When Fashion Hurts

I love clothes. I follow fashion blogs and pour over my favorite catalogs and websites like someCarie Sherman people read the news. I use services like Stitch Fix to watch What Not to Wear. Over the years, and especially after I got sick, I became a big believer in having a small, versatile wardrobe in which I can honestly say I LOVE every piece in it.

As such, when I shop, I look for clothes that look great for client meetings or are perfect for girl’s night. I look for clothes that express who I am and look just as good at the park playing with my bug or going to dinner with my husband.

In short, I shop for things that happen, oh, about 3-5 times per month. Total.

What’s happening the rest of the month?

I’m home. On good days, that means writing. On bad days, that means lounging. Both require the utmost comfort.


In general, clothes really hurt my body. I’m not sure if it’s the fibromyalgia or the autoimmune issues, but there are days that anything I put on physically hurts. Fabric hurts my skin, jewelry is too heavy, it’s too hard to pull something on/off, waistbands turn into a python.

And let’s not even talk undergarments. My bras are trying to kill me.

But apparently, my other clothes wish me dead as well. Just this morning, I fell down. Why? Because my toe got caught in a hole in the ratty Christmas PJ pants I wear regardless of the season.

I suddenly realized my wardrobe’s duality. I inventoried the clothes I spend the most time in. Here is what I found:

• Two Christmas-print PJ pants– one of which is two sizes too big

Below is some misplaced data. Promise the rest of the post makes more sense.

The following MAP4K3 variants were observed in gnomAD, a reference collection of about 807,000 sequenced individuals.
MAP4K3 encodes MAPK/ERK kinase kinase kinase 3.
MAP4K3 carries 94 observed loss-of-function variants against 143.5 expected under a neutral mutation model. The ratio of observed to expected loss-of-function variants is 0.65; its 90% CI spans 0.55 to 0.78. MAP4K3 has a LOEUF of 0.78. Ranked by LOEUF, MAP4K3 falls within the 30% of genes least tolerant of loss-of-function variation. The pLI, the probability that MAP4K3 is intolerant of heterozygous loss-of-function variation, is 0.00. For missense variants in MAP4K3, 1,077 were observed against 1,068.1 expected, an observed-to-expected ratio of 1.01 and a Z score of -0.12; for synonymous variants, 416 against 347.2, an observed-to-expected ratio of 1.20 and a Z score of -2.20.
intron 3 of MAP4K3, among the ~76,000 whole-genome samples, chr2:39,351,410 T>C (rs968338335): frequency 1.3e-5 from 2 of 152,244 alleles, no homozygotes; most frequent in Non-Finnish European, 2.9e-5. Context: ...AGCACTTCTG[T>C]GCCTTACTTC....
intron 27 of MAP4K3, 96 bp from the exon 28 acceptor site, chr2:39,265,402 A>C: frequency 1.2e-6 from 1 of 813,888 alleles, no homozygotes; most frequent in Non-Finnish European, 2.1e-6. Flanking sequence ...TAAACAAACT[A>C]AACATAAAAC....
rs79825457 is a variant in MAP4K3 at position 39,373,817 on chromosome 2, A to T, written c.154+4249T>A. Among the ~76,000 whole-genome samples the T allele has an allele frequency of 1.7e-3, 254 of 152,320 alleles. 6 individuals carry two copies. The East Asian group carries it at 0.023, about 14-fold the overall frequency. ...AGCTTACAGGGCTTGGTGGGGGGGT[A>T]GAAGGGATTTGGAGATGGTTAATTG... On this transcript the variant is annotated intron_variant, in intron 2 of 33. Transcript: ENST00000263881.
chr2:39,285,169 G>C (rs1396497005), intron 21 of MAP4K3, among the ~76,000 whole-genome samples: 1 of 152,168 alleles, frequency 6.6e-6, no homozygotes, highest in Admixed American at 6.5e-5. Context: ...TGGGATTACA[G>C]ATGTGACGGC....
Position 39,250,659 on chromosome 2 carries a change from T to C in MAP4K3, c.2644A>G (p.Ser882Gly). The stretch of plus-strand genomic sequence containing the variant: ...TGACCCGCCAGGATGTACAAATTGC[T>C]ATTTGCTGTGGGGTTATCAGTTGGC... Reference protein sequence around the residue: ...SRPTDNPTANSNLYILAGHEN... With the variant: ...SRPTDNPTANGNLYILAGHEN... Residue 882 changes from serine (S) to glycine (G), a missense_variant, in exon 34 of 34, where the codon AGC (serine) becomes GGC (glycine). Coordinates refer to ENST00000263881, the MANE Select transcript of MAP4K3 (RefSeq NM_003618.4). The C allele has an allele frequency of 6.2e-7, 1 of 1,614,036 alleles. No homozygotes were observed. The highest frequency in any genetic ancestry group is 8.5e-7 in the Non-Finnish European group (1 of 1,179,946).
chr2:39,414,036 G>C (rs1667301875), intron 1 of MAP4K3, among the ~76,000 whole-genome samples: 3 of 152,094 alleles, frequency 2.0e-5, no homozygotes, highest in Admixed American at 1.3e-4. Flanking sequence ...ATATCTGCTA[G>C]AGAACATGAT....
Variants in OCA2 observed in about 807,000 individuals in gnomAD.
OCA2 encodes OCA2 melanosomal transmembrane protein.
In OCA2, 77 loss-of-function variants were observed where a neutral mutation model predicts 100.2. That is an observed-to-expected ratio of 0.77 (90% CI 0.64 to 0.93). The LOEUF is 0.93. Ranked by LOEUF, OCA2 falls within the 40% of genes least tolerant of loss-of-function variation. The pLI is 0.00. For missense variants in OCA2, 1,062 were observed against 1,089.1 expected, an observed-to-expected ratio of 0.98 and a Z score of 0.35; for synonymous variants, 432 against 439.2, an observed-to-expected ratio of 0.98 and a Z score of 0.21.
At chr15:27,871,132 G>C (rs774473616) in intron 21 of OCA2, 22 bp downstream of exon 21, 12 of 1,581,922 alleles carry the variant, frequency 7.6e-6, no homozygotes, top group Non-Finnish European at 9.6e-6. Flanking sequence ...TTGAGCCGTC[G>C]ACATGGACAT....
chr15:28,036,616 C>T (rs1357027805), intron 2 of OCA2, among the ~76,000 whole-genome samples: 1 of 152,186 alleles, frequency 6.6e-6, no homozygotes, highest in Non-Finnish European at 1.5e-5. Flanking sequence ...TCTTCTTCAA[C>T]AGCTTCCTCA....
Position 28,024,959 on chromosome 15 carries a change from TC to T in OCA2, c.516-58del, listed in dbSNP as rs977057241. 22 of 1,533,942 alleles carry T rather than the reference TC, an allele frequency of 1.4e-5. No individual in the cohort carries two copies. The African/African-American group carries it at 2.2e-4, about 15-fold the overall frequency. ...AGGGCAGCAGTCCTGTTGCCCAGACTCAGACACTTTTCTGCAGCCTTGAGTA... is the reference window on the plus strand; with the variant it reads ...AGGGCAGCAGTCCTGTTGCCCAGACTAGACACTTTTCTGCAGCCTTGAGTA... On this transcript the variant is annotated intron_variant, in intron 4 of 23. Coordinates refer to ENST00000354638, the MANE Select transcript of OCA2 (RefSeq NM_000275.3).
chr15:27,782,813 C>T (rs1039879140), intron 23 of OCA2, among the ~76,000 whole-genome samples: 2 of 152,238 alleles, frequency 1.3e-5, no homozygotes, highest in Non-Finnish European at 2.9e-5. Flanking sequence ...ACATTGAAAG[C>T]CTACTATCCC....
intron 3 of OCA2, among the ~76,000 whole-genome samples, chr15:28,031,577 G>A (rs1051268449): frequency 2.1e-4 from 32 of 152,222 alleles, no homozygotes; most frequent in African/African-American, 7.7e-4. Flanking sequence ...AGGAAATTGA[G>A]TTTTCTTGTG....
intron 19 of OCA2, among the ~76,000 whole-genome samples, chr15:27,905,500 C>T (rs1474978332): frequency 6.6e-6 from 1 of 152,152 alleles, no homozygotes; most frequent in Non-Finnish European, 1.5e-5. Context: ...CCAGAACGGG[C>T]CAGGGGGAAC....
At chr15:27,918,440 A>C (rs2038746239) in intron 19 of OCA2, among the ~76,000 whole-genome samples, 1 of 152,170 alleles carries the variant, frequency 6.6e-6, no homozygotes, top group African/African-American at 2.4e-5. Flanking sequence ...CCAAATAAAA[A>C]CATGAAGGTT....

• 1 pair of yoga pants that used to be black and are now covered with bleach stains
• 1 pair of grey yoga pants with a ripped pocket
• Three sports bras that are too big
• One sports bra that my mom bought me in 1992 (seriously)
• Two pairs of capri sweats that are identical but can only be worn with a tucked in tank because the seams irritate my skin
• A spring break ‘98 tshirt, size XXL
• T-shirts with assorted stains–most of which I received for free–many of which have holes
• A pair of leggings that are too small so I cut the seams to allow for breathing
• My sister’s high school gym shorts

My Post Inventory Thoughts

In the order they popped in my head:

1. My poor husband
2. I’m gross
3. This can’t be healthy
4. It’s time to do something about this
5. This could be a form of mental illness
6. My poor husband

What the Experts Say

Not surprisingly, lots of people have lots to say on the topic of how you dress. Here are a few that resonated.

• “Our clothes make a huge difference to what people think about us – and without us knowing or in ways we couldn’t even imagine.” Now, I make sure that other people (i.e., people who don’t live in my home) perceive me in a certain way. But what is it saying about me that I allow myself to look so crappy, day after day, in my home–and in particular, when I’m sick?
• “… dressing in nicer clothes makes you feel better.” This study relates to depression. Which, as you know, I struggle with. On days when I feel good physically, I feel good mentally. But I wonder how often wearing Christmas PJs in July and a sports bra that could legally buy alcohol contributes to a downward spiral?
• “… clothes can change the way you think.” I have to be honest. Every single thing I’ve ever written in this blog that reflects joy and learning and growth were written on days when I wasn’t feeling like crap. Despite this cultivated image of positivity, I spend every sick day blaming myself and overanalyzing what I’ve done wrong and hating myself for not being able to control my symptoms better. A change in thinking is very much needed.


Feeling sick is bad enough. Letting myself look as bad as I feel doesn’t help.

I need a cute sick wardrobe. One that feels good if my skin hurts and is easy to put on and can accommodate hot flashes and bloated stomachs and days entirely spent horizontal. And I need to toss anything that I wore before I got married 10 years ago,* as well as things with dangerous holes and stains of unknown origin.

What about you? Do you dress like a slob when you’re sick on the couch? Are your PJs tattered? Are your workout clothes older than the current century?

If you answered yes, let’s make a pact to get our sick $hit together and find cute comfies.